“After much personal reflection and thoughtful discussions with my family and Mayor Frey, I have made the decision that I will not be accepting a new term as chief of the Minneapolis Police Department,” Arradondo said.
He was the city’s first Black police chief, appointed in 2017.
Arradondo said Monday his decision to retire was based on time and not Floyd’s murder.
“The impacts of Mr. [George] Floyd’s killing certainly will stay with me forever, but that did not render to my decision at this point,” Arradondo said. “My decision at this point, quite frankly … was just that it’s time. Thirty-two years of being able to give back to a city that I was born and raised is a blessing.”
Chief called Floyd’s death ‘gut-wrenching’
Video of the incident that led to Floyd’s death showed former officer Derek Chauvin impassively kneeling on the 46-year-old Black man’s neck and back while he was handcuffed and lying prone in the street for more than nine minutes, gasping for air and telling Minneapolis officers, “I can’t breathe.”
“I looked them in the eye and I said, ‘I’m sorry’ and said ‘their brother’s death is not in vain,'” he said. “The grace and the love that they showed, they hugged me and we hugged.”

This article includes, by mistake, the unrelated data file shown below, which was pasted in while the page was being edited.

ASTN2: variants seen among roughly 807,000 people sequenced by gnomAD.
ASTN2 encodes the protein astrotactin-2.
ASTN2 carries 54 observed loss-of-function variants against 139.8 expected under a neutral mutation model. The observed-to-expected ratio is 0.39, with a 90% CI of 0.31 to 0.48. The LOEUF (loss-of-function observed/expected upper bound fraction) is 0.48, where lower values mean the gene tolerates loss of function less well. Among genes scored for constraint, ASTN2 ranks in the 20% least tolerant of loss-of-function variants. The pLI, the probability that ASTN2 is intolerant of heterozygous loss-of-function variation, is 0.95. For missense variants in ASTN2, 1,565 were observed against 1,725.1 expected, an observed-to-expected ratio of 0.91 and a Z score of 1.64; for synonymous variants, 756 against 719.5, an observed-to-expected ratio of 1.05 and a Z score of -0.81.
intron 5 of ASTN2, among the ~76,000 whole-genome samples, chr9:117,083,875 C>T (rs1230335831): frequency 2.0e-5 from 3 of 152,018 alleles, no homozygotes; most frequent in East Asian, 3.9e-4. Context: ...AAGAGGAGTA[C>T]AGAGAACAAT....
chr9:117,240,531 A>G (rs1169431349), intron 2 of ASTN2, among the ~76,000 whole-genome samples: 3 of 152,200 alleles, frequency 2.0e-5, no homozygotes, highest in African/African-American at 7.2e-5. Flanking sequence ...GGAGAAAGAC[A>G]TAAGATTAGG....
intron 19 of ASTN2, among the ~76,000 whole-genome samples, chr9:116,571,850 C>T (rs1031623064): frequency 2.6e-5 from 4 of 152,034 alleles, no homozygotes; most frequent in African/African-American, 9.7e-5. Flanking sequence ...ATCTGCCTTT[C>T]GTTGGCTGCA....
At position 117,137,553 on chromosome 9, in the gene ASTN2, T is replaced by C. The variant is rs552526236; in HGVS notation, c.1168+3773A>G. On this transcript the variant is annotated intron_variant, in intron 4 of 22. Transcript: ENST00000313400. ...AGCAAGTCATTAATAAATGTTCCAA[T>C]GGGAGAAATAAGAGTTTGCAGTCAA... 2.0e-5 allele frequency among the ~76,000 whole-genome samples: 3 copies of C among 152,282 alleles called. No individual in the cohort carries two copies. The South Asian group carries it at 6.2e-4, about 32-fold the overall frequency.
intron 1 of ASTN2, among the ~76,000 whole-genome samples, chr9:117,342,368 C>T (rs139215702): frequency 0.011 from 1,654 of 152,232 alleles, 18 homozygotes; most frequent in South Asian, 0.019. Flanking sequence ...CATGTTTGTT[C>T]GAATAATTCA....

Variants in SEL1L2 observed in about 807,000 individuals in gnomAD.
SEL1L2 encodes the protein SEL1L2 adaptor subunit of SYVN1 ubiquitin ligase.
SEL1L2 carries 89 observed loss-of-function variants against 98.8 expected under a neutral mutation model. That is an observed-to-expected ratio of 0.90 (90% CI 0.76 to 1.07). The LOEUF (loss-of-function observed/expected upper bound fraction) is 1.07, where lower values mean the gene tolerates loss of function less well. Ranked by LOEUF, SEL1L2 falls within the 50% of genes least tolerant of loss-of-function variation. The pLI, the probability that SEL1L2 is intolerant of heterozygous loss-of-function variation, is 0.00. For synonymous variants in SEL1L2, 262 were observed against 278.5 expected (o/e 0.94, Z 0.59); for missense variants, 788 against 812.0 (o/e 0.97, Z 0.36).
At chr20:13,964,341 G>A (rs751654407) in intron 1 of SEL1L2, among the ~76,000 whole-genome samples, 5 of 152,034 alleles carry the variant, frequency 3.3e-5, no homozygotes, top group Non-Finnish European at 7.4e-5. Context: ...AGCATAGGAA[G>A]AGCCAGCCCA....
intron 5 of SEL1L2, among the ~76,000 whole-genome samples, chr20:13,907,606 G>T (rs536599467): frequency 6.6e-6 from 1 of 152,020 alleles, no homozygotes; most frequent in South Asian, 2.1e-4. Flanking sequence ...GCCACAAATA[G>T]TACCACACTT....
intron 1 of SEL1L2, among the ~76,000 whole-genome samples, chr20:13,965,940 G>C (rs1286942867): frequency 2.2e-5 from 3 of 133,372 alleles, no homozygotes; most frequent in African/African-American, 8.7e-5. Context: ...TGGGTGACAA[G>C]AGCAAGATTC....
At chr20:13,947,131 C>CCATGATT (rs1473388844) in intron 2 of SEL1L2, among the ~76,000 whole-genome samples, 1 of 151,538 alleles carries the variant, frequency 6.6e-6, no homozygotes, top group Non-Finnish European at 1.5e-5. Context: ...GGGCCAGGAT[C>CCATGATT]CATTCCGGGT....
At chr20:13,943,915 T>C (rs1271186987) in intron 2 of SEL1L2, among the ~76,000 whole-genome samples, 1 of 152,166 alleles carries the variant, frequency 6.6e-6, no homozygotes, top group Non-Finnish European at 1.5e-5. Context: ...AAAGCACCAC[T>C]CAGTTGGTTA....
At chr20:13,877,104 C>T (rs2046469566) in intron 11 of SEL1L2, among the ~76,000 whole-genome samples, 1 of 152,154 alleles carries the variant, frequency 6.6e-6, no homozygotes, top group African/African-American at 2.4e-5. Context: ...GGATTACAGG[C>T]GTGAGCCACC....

“Once Mr. Floyd had stopped resisting, and certainly once he was in distress and trying to verbalize that, that should have stopped,” Arradondo testified.
Chief and mayor announce key changes to policing
Mayor Jacob Frey on Monday thanked Arradondo for his service.
“Throughout his time within the MPD, he’s been unabashed about his commitment to truth, to transparency, and to justice,” the mayor said.
Frey said he would announce an interim chief in the coming days.
Arrandondo, who grew up in Minneapolis, said he’s “been blessed beyond measure to have served the people of this truly wonderful city.”
“After 32 years of service, I believe that now is the right time to allow for new leadership, new perspective, new focus, and new hope to lead the department forward in collaboration with our communities,” the chief said.